Illinois Churches Slowly Start to go Back

Joe Sullivan, News Editor

On June 7, Chicago announced that they would allow churches and places of worship to open with 20 percent capacity. Since then, churches across the state of Illinois have slowly been reopening to the public.

Most of them that have reopened are Catholic churches. On May 14, Illinois six dioceses announced a plan for reopening their parishes.

The largest one in Illinois is the Roman Catholic Archdiocese of Chicago. With 191 parishes, the Archdiocese of Chicago serves over 2.2 million catholics in Cook and Lake County.

Once Governor J.B Pritzker announced the next step for reopening, the Archdiocese knew they had to worshippers back to church and the kids back to school. Manuel Gonzales is a spokesman for the Archdiocese and is also the Communications and Public Relations Director.

Once the order was given to shelter at home, as good citizens we sacrificed our ability to attend Mass in-person to protect the health of everyone-particularly the vulnerable populations,” Gonzales said. “After some time, and careful study under the leadership of Cardinal Cupich and the other bishops in Illinois we began to plan how we could resume worship in a safe and responsible way.”

Despite only a few COVID-19 cases in the parish and catholic schools, the Archdiocese has put everything into providing a safe space and successful space for their members. 

“From the beginning we insisted on social distancing, we have mandated masks from the beginning, we insisted on seeing a plan from each parish showing us how they would seat people observing 6 feet between individuals and staying under 20% capacity of the church,” Gonzales said.

The Archdiocese of Chicago continues to provide relief programs and donations like their COVID-19 emergency fund to help communities in the Chicagoland area.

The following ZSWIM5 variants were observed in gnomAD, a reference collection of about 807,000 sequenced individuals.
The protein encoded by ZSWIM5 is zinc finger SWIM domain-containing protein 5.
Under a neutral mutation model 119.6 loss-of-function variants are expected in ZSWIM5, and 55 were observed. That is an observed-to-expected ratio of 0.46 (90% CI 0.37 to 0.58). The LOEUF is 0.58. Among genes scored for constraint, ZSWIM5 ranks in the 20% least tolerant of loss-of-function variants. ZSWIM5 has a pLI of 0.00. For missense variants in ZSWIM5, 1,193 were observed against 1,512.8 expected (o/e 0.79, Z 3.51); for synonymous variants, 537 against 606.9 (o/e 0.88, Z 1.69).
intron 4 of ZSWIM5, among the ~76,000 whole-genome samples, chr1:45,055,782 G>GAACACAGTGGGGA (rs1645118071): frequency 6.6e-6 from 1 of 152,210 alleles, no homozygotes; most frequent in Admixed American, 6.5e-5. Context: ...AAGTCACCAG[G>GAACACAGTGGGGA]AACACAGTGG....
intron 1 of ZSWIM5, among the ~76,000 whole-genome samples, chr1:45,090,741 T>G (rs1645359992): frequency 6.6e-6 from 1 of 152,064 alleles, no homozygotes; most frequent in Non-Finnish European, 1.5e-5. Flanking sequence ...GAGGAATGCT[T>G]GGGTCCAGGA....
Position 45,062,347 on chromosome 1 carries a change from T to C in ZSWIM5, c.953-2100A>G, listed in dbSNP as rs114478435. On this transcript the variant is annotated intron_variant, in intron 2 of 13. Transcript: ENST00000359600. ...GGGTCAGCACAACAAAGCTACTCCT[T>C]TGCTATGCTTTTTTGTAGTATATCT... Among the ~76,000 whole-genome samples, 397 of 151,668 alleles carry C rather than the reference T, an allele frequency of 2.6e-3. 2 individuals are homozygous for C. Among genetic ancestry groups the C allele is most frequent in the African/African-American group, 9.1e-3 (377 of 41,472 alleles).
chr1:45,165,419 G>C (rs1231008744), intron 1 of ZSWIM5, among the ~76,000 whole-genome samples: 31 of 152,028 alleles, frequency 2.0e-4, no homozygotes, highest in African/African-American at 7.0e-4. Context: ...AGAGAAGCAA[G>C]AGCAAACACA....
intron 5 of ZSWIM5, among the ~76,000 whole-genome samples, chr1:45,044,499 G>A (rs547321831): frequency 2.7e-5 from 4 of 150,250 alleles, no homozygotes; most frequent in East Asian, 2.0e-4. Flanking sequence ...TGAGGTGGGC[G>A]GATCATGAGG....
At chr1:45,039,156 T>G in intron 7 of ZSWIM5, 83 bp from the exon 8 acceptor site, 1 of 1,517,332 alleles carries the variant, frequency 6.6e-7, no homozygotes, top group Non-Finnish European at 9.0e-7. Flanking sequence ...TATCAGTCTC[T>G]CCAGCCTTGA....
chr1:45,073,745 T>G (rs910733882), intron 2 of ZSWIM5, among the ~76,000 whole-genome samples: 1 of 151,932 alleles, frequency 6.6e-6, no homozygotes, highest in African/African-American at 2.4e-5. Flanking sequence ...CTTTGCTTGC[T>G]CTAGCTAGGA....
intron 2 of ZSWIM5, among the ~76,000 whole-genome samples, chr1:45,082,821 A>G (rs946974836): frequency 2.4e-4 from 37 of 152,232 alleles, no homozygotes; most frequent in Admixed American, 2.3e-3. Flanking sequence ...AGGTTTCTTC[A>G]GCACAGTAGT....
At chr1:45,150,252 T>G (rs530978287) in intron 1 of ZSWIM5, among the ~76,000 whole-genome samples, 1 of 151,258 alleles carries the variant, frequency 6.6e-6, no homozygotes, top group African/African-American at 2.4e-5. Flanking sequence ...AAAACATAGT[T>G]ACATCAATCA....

As for local churches, there has been a mix that followed the Archdiocese of Chicago and some that have not. Flossmoor Community Church has decided to stay online despite the many churches that are back to normal.

Director of Communications and Community Engagement, Brooke King LaBreck, has been working with the FCC Board and committees to provide the best virtual service since the beginning of lockdown.

“Each congregation is unique and as part of the Body of Christ, we pray for all congregations during this challenging time,” LaBreck said. “We believe we have made the best decision for the people of Flossmoor Community Church and our community based on the scientific data which shows many of our worship practices (unison responses and prayer, singing, etc) to be linked to “super-spreader” events.”

Despite the many limitations, Flossmoor Community Church has still been able to hold events virtually and outside of the church with social distancing.

“Our church hosts a free food drive-up each Thursday at noon at the Community House to provide food security to those in our community who have been financially impacted and marginalized by the pandemic,” LaBreck said. “Recently, we’ve begun exploring some outdoor fellowship and worship experiences. Pastor Julie has been hosting a “work from home lunch” as well as “Evening Vespers” prayers and meditation on Wednesdays in September.”

With numbers as high as they’ve ever been, it’s important to check CDC guidelines and your local COVID-19 numbers to ensure your safety.